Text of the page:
Ridiculous hack ideas are behind the concept of everything that takes place in this whole film. The lumbering, sad mummy is totally out of place (no tomb, no museum, no Egypt, etc.), as he wanders around the Louisiana countryside. The unwatchable ideas just keep coming so the film becomes curiously watchable to see how bad can it get, and is saved by the effective cast.
Conquest of Space (1955)
I don't know what to make of this film- it is OK production-wise. It is way too talky definitely, but the acting is quite good by the some of the cast (although Phil Foster is just terrible) so when most of them talk its OK as such. The talk is well staged and competently written. Its almost as if the producers and director were thinking in terms of producing a stage play- not usually a good approach to an outer space movie.
The artwork is above average and excellently done. Even the spacecraft are above average for the 1950's.
The whole film is competent but they forgot one thing- THEY FORGOT TO INCLUDE ANY ENTERTAINMENT VALUE. The main reason for this is simply lack of action. Even the increase in activity at the end is not given much punch by the cast.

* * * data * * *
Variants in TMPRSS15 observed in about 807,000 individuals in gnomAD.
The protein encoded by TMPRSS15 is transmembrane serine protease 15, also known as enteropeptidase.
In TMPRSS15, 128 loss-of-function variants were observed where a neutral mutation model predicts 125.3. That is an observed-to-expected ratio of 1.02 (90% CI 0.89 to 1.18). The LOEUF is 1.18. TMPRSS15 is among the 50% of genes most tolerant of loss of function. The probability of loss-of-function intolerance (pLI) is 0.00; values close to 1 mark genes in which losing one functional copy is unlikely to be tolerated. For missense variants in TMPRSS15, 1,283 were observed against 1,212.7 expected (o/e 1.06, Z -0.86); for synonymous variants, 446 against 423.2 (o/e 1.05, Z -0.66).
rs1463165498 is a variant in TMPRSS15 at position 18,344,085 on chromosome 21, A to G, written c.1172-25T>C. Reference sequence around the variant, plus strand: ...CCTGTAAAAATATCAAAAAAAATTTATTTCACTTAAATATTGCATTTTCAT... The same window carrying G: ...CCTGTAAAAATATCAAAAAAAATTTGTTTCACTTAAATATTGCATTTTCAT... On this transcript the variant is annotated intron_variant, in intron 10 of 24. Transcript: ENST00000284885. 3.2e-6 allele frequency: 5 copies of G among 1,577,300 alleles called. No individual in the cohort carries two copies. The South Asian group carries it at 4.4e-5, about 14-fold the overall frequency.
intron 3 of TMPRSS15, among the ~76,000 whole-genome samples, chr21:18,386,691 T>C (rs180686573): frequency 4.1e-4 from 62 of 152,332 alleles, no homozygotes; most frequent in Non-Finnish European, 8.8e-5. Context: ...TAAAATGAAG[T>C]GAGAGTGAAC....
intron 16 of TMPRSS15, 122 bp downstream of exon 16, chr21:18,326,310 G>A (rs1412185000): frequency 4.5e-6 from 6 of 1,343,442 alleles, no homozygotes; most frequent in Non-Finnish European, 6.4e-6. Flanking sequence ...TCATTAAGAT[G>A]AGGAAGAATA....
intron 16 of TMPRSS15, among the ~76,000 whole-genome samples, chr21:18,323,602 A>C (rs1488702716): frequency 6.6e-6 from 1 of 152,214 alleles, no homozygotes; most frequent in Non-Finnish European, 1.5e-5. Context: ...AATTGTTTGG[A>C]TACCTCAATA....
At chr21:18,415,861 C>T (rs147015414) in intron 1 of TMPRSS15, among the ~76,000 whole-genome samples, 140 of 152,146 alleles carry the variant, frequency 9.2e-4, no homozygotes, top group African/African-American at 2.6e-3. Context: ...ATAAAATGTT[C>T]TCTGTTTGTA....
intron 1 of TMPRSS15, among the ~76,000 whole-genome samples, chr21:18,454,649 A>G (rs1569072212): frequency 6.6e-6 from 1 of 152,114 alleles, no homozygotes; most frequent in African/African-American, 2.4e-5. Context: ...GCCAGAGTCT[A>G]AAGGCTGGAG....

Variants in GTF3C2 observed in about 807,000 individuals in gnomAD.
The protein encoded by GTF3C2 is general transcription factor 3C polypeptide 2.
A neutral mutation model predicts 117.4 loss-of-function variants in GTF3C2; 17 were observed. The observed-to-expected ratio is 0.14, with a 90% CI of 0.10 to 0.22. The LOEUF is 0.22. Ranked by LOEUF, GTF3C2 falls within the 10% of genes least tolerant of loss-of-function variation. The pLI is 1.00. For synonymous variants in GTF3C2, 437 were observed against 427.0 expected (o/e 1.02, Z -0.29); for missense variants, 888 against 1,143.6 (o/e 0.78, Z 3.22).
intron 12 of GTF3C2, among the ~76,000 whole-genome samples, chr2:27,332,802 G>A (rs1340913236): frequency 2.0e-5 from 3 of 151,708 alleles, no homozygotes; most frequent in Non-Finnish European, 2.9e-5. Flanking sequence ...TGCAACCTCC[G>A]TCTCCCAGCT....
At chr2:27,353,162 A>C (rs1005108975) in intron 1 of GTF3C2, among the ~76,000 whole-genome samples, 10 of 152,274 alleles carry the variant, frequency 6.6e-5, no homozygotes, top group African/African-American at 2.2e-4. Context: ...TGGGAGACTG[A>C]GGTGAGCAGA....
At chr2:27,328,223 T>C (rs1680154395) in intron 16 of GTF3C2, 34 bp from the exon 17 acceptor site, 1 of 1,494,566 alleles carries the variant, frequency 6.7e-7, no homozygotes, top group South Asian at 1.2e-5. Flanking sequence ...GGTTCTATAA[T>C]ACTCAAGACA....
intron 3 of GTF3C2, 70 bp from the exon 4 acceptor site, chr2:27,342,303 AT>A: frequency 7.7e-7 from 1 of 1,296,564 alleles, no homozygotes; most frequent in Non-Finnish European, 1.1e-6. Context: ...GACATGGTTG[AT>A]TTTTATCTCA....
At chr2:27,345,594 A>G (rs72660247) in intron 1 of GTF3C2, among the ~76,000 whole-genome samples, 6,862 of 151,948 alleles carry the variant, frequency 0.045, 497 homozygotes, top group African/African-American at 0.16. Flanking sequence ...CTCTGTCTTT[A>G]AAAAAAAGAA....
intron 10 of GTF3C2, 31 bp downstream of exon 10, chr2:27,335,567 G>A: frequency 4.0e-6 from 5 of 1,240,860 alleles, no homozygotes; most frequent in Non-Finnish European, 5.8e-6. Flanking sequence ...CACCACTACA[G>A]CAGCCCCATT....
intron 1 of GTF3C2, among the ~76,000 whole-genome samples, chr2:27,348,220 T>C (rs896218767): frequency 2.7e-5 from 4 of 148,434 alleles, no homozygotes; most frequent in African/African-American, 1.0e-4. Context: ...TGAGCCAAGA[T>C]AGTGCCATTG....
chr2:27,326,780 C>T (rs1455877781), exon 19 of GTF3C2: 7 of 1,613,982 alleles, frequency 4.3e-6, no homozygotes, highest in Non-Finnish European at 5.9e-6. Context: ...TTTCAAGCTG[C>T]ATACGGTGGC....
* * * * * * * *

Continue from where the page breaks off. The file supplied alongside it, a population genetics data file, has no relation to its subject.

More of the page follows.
Its good to see the young William Redfield and young Ross Martin. However they aren't given much to do. Would Ross Martin have been well used in "Wild Wild West" if just standing and talking? His acting would have been good but... unless you're doing Shakespeare too much talk probably isn't satisfying enough to a movie audience.
Someone should issue an edited version with Phil Foster cut out- and why not, he doesn't add anything anyway.
Uneven, but a watchable entry
Part of this film takes place in Frankenstein's basement. But the problem here is that mostly this is bargain-basement Frankenstein in general. EXCEPT for some of the acting, and for the atmosphere which is first-rate.
Knowles is alright but is bargain basement Basil Rathbone/Colin Clive. He's capable but bland. Ms. Massey is a cut-rate Evelyn Ankers but again, is capable and has the added advantage of a German-tinged European accent. And poor old Lugosi is wasted in a badly conceived role (oh well I guess you can't have a Wolfman sequel at the Frankenstein castle without having Frankenstein's monster at least show up).
Chaney is first-rate and vividly recreates his immortal Lawrence Talbot. He is great and not to be missed.
Three huge pluses: Ouspenskaya, Dennis Hoey and of course Lionel Atwill were three of the best character actors who ever lived and keep this film watchable.
The early cemetery scenes are fine old horror atmosphere, and I really enjoyed the highly creative ice-bound catacomb scenes featuring the two unfortunate monsters.